National Review Laments: Why Aren’t More Indian Americans Republican?

Amitabh Pal’s Blog, Jan. 11

The National Review, the venerable flagship of the conservative movement, recently paid attention to the Indian American community. Managing Editor Jay Nordlinger expressed hope last month that Indian Americans are inclining more and more toward the Republican Party. This would be good news for the Republicans because (as the article points out) although the community is small, it is also enormously wealthy, and is already getting into the fundraising game.

Unfortunately for the Republicans and fortunately for the rest of us, Nordlinger is wrong.

While Indian Americans do lean Republican on taxes, regulation, and some cultural issues, such as those pertaining to family and religion, they are not flocking to the Republican Party.

There are two reasons for this, and Nordlinger largely ignores both: Indian Americans tend to see the Republican Party as exclusionary, and they dislike the foreign policy of Republican Administrations.

The Democrats, for all their faults, have been much more welcoming of immigrants, including nonwhites. As Nordlinger admits, Indian Americans haven’t forgotten that Democratic Administrations under Kennedy and Johnson made the changes in immigration laws that permitted them to come to this country. Nor are they blind to the fact that the Republicans, in spite of protestations to the contrary, have been a party often representing white Christian interests, manifestly obvious in comments by House Majority Leader Tom DeLay, Mississippi Senator Trent Lott and Pennsylvania Senator Rick Santorum.

The case of recently elected Indian American Republican Congressman Piyush “Bobby” Jindal is telling in this respect. Nordlinger proudly cites him a number of times in his piece without once mentioning that Jindal is a convert to Christianity from Hinduism. While the reasons for his conversion are best known to Jindal, it is revealing that Jindal has chosen to capitalize on it. He launched his (failed) gubernatorial bid in 2003 while standing besides Louisiana Christian Coalition leader Billy McCormack and has been quoted as saying that he was proud that he found his “Christian faith in Louisiana.” One of his radio ads in that campaign asked, “What’s so wrong with the Ten Commandments?” Some of the support he got from his fellow party members was linked to his religion. Louisiana State Representative Tony Perkins, unnaturally candid for a politician, said in 2003 that one of the reasons for his support for Jindal was because “he is grounded in his Christian faith.” Jindal’s Christianity helped him get the requisite backing from Republican groups, but I doubt that most Indian Americans (largely Hindu) are willing to take a similar step to gain acceptance among the GOP crowd.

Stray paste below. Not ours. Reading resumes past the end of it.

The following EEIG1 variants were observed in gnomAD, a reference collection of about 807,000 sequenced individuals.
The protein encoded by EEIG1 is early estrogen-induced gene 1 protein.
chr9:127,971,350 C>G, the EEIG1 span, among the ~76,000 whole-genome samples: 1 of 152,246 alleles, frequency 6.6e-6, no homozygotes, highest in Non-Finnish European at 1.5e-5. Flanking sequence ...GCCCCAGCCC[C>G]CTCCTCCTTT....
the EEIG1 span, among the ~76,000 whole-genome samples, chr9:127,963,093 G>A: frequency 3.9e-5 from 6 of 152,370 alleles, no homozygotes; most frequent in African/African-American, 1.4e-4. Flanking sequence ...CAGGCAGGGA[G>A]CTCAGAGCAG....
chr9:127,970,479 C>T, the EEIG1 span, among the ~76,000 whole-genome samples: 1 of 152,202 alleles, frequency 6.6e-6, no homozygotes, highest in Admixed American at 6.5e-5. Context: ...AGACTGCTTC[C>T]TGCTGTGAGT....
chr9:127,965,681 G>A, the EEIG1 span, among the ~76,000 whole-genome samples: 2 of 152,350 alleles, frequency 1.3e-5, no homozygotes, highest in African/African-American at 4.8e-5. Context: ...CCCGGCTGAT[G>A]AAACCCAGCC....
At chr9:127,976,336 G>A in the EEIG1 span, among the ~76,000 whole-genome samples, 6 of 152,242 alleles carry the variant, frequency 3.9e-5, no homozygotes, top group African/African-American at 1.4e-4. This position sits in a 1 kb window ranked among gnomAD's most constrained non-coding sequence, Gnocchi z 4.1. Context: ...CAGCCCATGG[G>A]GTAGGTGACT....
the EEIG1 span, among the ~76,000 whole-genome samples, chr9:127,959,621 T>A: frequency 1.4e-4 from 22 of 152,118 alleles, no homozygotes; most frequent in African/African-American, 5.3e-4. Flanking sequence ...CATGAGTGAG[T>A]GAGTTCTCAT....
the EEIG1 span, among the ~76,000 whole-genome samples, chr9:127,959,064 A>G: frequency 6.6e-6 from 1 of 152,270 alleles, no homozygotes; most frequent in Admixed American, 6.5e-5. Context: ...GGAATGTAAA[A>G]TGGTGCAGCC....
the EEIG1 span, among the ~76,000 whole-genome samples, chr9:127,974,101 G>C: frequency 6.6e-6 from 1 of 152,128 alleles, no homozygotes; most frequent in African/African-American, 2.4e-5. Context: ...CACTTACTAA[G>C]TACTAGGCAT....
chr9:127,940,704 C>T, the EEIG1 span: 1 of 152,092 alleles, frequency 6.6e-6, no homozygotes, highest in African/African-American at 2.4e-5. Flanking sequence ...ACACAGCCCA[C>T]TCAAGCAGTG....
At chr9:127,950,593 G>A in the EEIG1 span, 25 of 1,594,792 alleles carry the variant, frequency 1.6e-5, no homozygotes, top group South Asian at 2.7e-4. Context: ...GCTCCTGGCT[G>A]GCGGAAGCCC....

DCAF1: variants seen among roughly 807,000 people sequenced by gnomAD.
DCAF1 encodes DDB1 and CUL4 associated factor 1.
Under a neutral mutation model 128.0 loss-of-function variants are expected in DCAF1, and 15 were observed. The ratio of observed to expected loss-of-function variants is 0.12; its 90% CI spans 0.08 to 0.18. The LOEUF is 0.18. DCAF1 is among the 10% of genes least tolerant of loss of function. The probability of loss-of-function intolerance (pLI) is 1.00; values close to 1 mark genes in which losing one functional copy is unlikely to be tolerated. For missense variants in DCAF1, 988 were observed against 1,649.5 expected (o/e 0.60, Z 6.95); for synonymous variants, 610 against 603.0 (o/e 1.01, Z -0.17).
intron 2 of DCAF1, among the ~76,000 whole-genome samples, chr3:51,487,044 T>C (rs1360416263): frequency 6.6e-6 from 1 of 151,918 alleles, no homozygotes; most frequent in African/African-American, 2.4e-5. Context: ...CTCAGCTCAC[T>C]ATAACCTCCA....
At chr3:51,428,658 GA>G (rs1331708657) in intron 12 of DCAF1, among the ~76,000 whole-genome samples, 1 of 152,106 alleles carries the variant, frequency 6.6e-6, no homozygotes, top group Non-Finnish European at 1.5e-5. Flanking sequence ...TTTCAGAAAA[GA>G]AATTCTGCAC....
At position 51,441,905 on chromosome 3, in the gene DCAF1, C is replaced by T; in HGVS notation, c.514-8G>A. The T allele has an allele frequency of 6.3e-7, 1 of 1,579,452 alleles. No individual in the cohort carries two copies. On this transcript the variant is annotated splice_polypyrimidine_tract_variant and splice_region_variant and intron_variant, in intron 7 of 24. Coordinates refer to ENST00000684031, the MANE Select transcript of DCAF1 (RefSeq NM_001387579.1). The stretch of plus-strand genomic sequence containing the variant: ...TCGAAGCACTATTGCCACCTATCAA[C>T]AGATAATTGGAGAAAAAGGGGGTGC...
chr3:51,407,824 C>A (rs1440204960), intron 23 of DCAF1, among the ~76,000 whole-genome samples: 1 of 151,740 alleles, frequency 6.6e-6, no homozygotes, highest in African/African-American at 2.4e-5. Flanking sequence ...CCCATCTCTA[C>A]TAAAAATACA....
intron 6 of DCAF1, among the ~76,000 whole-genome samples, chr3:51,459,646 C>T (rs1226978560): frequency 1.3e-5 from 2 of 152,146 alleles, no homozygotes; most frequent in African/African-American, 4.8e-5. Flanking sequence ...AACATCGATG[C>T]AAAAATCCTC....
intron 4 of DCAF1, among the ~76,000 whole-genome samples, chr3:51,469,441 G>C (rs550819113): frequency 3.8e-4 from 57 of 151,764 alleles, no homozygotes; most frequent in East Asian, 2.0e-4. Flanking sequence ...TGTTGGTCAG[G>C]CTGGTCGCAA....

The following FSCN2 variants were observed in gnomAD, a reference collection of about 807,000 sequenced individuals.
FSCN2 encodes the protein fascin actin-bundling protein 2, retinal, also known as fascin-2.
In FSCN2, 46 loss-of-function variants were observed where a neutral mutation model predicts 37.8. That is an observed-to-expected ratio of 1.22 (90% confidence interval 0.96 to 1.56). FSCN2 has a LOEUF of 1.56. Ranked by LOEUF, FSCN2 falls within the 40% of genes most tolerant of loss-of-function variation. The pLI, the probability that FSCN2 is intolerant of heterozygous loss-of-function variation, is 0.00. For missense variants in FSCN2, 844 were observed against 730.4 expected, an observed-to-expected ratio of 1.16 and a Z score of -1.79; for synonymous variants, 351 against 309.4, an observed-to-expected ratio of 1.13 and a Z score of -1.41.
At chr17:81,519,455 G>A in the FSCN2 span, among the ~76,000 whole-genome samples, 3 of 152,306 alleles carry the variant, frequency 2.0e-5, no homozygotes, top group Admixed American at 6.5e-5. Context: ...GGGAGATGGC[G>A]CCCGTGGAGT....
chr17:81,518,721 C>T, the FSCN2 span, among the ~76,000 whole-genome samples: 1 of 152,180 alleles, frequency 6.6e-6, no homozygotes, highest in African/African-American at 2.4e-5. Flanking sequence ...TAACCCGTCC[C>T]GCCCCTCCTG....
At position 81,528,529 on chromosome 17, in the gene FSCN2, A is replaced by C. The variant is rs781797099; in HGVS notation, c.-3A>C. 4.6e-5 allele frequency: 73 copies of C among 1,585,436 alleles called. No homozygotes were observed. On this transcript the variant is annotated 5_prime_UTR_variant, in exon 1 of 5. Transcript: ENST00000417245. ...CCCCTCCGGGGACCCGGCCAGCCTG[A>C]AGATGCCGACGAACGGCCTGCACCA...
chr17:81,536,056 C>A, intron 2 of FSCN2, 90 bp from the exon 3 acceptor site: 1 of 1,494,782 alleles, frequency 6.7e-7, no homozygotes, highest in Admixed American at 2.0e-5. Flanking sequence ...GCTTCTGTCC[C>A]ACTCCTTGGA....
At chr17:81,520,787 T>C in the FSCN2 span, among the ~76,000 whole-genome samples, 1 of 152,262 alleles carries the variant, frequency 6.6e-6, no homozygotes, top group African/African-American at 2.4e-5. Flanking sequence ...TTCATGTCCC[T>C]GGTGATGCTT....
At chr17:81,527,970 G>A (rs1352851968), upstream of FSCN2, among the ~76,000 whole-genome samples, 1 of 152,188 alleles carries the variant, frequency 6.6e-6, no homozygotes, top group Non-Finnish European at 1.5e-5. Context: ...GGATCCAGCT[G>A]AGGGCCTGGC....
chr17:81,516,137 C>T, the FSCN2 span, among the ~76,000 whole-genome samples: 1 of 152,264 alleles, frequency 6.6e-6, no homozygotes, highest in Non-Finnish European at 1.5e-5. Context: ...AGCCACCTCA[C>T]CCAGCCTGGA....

The second major reason that Indian Americans dislike the Republican Party is its foreign policy. Republican Administrations have been much more willing to coddle military dictatorships in Pakistan, the most infamous example being the Nixon Administration’s reticence while the Pakistani army slaughtered hundreds of thousands in East Pakistan during the independence struggle for Bangladesh. In contrast, Democrat Presidents such as Kennedy, Carter and Clinton have treated India more sympathetically, even if the relationship was far from perfect. Although relations with India have remained stable under Bush, a major Indian grievance has been the indulgence of Bush toward General Musharraf’s Pakistan. The Bush Administration has largely ignored the fact that Musharraf came to power in a 1999 coup, and it has muffled criticism about his support for the militants in Kashmir. In spite of Nordlinger’s claims that the Bush Administration is fighting a war on terrorism and for global democracy, Bush is seen among Indians as only concerned with terrorism that directly affects the United States. Plus, the arrogance of the Bush Administration has made it quite unpopular in India and among Indian Americans here.

So unless the Republican Party undergoes a major reorientation, both in its ideology and in its foreign policy, it will fail to attract more Indian Americans, notwithstanding Nordlinger’s wishful thinking.

Amitabh Pal is Managing Editor of The Progressive.

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